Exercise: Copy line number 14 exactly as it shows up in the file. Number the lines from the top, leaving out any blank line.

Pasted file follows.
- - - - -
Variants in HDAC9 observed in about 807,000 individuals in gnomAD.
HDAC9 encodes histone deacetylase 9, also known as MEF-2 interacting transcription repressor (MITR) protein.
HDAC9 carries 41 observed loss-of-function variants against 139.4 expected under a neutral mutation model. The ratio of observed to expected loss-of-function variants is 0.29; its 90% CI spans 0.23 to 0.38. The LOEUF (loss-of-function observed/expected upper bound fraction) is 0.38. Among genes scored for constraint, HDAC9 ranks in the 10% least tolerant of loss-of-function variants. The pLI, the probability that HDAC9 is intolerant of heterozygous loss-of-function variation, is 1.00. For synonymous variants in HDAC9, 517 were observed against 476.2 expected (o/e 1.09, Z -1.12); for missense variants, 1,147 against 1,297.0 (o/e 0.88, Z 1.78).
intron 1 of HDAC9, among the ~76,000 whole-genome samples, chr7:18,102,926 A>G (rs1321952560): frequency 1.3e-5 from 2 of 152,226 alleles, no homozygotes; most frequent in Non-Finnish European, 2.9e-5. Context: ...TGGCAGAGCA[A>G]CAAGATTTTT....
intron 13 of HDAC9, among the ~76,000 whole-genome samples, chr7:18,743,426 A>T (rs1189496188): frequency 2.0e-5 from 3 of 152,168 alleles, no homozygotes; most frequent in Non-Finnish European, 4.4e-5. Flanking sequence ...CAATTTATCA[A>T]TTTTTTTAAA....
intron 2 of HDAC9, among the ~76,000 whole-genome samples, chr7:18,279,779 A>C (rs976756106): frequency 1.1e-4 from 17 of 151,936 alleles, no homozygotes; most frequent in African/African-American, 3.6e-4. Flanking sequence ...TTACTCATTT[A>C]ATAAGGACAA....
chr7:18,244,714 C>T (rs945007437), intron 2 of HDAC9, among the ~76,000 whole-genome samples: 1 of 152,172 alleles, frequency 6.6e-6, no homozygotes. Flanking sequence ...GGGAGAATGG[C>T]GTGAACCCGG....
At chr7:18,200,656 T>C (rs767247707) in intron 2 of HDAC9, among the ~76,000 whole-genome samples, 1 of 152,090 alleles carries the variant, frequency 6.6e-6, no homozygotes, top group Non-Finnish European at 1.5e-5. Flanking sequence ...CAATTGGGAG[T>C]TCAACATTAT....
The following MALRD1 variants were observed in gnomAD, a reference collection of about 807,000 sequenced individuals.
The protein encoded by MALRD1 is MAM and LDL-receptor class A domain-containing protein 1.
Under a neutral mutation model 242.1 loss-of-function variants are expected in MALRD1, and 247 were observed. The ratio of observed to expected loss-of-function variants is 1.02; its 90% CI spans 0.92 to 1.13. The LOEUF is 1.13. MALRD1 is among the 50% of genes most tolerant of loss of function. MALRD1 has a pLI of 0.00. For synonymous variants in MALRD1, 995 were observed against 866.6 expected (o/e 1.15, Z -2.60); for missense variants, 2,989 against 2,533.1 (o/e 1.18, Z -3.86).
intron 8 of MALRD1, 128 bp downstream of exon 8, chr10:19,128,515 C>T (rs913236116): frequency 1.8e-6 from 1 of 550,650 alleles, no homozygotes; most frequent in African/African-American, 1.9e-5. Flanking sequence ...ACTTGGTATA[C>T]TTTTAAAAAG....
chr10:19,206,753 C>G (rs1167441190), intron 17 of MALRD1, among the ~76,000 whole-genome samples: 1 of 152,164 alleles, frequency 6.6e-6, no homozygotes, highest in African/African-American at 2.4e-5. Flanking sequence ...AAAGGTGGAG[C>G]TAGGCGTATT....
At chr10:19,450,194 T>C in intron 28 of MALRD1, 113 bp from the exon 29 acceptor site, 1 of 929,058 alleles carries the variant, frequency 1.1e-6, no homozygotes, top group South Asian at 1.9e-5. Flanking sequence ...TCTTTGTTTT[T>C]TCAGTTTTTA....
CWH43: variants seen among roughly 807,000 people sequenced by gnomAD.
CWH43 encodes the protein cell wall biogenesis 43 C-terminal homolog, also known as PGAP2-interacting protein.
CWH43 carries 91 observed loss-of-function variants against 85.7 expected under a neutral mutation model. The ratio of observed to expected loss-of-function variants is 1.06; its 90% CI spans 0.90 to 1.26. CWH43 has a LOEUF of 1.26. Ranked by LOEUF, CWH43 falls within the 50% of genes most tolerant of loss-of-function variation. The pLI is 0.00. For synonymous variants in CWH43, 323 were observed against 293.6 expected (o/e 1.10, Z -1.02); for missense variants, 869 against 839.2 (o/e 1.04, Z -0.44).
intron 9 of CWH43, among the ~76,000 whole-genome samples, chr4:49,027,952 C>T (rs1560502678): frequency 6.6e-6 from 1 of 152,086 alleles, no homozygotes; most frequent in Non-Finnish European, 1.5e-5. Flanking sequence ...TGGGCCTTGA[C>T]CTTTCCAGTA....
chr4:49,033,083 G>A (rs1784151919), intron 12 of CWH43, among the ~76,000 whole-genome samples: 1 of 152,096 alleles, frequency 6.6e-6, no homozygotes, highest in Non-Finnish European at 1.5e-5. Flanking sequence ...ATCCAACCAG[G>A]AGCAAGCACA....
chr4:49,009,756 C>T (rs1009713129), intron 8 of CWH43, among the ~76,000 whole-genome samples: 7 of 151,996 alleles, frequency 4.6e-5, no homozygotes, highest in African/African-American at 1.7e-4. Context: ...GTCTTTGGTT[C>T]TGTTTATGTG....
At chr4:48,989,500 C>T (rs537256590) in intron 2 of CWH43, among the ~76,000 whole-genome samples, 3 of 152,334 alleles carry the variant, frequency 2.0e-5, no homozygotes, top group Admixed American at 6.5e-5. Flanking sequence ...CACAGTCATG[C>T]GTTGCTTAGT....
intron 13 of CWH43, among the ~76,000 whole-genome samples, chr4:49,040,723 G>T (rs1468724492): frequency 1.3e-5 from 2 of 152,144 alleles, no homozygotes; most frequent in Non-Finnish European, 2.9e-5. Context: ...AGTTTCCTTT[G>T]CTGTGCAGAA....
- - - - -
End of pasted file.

At chr10:19,450,194 T>C in intron 28 of MALRD1, 113 bp from the exon 29 acceptor site, 1 of 929,058 alleles carries the variant, frequency 1.1e-6, no homozygotes, top group South Asian at 1.9e-5. Flanking sequence ...TCTTTGTTTT[T>C]TCAGTTTTTA....